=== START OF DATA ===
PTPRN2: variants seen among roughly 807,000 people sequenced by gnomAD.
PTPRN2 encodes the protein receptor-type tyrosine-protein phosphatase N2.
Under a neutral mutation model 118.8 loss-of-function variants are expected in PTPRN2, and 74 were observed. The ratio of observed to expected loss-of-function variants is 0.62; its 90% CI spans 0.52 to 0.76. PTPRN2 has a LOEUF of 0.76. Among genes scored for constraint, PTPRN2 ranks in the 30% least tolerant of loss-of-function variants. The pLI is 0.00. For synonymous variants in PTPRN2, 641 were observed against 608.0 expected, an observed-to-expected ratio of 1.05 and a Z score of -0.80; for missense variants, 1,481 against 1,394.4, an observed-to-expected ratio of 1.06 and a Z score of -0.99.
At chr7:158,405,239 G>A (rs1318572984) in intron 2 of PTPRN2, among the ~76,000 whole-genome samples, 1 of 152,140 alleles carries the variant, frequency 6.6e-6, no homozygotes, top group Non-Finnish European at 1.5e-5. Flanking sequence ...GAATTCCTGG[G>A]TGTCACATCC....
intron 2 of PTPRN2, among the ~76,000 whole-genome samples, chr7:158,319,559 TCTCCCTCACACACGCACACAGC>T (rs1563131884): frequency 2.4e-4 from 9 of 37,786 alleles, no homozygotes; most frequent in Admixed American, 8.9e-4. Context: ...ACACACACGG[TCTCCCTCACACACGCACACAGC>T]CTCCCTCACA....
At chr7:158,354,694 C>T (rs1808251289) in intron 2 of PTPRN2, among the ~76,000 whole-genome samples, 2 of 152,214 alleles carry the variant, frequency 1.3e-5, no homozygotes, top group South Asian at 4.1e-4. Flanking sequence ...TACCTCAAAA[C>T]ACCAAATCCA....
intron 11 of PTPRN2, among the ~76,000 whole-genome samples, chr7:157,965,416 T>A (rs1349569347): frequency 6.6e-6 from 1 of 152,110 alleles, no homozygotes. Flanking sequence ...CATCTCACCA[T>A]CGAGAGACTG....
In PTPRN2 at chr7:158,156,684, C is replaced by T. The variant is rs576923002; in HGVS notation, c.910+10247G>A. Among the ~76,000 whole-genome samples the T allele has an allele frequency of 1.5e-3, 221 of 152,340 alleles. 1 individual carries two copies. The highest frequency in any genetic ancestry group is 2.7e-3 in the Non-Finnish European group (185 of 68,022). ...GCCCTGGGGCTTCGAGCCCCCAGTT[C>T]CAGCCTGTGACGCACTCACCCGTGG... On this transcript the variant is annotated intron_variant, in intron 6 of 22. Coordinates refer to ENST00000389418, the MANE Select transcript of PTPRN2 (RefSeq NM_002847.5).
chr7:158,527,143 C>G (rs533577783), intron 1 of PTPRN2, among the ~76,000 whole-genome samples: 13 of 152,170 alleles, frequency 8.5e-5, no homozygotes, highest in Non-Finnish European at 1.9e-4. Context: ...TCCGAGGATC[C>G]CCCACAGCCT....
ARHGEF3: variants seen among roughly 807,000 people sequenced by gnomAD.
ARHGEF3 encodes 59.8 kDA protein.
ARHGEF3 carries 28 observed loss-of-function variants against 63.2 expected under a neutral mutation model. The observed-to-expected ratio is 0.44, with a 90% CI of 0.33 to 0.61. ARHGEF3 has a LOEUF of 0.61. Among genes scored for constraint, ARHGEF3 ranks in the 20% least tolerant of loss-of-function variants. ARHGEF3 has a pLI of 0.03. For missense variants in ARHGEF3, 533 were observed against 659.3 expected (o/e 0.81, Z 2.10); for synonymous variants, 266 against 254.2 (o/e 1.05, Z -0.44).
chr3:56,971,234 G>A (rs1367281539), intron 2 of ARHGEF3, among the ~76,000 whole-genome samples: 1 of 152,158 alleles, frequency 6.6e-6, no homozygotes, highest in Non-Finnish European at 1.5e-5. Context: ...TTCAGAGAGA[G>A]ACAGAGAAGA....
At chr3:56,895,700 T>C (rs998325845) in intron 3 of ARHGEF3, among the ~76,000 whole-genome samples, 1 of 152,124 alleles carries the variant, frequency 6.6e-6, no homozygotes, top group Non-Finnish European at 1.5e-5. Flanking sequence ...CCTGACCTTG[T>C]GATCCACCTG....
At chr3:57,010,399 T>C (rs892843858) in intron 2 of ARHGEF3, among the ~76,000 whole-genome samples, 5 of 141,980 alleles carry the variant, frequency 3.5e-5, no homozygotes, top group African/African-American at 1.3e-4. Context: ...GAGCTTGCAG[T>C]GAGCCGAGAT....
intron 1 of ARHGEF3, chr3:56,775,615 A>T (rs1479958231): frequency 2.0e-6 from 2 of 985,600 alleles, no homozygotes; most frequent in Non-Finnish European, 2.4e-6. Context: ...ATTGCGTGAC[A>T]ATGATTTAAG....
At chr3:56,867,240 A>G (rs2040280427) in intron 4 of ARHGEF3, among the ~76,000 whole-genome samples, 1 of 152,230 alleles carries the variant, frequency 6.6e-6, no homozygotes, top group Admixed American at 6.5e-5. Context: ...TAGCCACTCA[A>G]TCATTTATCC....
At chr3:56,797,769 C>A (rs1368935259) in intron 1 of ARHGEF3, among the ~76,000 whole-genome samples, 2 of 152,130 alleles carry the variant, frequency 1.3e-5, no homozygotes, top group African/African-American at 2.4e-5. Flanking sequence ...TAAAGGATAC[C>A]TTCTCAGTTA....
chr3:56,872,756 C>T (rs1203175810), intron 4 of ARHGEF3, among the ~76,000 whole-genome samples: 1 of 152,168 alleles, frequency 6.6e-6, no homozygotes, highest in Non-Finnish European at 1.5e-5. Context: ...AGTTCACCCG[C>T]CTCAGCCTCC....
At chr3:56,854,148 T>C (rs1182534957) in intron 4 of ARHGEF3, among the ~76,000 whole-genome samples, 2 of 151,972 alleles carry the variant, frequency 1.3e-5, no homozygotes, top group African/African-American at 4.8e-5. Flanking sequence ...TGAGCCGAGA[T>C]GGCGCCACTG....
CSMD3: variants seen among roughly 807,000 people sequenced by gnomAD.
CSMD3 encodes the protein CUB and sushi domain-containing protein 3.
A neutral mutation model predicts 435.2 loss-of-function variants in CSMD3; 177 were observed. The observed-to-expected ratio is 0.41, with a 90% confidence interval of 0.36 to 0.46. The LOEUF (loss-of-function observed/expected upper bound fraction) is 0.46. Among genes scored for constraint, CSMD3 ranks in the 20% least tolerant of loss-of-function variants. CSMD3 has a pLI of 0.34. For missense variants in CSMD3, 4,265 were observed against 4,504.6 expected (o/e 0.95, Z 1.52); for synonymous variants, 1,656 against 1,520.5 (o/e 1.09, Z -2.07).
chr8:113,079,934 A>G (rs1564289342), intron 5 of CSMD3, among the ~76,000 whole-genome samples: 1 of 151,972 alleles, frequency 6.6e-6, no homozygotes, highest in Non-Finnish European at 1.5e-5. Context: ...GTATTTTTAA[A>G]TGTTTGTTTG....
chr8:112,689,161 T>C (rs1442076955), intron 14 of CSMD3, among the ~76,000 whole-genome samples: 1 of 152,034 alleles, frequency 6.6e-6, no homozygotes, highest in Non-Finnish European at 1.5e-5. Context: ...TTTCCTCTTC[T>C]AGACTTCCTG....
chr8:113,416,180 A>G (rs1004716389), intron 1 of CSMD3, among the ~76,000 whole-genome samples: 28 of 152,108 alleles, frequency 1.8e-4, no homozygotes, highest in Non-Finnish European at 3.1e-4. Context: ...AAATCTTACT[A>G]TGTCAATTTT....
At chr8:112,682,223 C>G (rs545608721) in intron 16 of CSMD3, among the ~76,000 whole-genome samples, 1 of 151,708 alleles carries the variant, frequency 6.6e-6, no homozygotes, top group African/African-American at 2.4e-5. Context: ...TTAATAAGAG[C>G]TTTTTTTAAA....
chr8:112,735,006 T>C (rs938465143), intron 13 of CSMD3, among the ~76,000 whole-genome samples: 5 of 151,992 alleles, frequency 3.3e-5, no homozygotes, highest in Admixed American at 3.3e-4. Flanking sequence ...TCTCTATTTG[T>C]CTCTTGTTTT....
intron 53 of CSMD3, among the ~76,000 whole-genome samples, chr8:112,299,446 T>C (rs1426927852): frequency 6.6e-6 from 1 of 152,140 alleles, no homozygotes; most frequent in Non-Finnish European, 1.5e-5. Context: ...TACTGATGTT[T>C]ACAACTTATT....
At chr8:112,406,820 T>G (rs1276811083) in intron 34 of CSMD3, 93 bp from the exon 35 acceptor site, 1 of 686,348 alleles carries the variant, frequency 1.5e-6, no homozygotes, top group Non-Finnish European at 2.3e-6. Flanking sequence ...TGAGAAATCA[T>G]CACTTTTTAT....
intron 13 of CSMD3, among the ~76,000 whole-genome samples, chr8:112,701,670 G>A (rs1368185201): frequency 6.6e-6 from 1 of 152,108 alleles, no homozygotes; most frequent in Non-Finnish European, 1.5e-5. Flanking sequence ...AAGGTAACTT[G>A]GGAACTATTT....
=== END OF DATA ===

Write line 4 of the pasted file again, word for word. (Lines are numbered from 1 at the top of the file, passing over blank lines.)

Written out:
At chr7:158,405,239 G>A (rs1318572984) in intron 2 of PTPRN2, among the ~76,000 whole-genome samples, 1 of 152,140 alleles carries the variant, frequency 6.6e-6, no homozygotes, top group Non-Finnish European at 1.5e-5. Flanking sequence ...GAATTCCTGG[G>A]TGTCACATCC....